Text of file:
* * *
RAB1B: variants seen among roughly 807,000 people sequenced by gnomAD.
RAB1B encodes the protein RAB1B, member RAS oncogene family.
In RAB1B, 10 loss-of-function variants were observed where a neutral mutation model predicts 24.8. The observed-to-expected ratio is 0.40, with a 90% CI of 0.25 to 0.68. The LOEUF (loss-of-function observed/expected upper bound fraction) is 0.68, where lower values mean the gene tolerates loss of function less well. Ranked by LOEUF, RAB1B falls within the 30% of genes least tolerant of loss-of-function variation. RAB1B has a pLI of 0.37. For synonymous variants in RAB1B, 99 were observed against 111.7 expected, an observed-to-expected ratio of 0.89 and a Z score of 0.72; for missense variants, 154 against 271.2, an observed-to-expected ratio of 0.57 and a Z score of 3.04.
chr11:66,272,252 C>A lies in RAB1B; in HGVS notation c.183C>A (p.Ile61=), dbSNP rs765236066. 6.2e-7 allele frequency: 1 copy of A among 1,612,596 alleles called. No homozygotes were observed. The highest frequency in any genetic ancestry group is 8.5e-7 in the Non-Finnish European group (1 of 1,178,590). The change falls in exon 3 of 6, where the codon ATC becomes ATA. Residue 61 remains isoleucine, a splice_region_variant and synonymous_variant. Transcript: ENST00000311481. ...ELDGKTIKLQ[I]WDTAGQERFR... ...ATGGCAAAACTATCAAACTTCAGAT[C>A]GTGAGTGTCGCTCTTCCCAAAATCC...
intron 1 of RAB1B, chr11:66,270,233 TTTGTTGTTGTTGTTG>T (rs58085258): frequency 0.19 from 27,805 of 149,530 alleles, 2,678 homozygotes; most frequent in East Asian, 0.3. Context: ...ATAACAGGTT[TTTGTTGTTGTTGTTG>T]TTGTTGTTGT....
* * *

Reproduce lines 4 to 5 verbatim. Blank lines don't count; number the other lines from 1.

chr11:66,272,252 C>A lies in RAB1B; in HGVS notation c.183C>A (p.Ile61=), dbSNP rs765236066. 6.2e-7 allele frequency: 1 copy of A among 1,612,596 alleles called. No homozygotes were observed. The highest frequency in any genetic ancestry group is 8.5e-7 in the Non-Finnish European group (1 of 1,178,590). The change falls in exon 3 of 6, where the codon ATC becomes ATA. Residue 61 remains isoleucine, a splice_region_variant and synonymous_variant. Transcript: ENST00000311481. ...ELDGKTIKLQ[I]WDTAGQERFR... ...ATGGCAAAACTATCAAACTTCAGAT[C>A]GTGAGTGTCGCTCTTCCCAAAATCC...
intron 1 of RAB1B, chr11:66,270,233 TTTGTTGTTGTTGTTG>T (rs58085258): frequency 0.19 from 27,805 of 149,530 alleles, 2,678 homozygotes; most frequent in East Asian, 0.3. Context: ...ATAACAGGTT[TTTGTTGTTGTTGTTG>T]TTGTTGTTGT....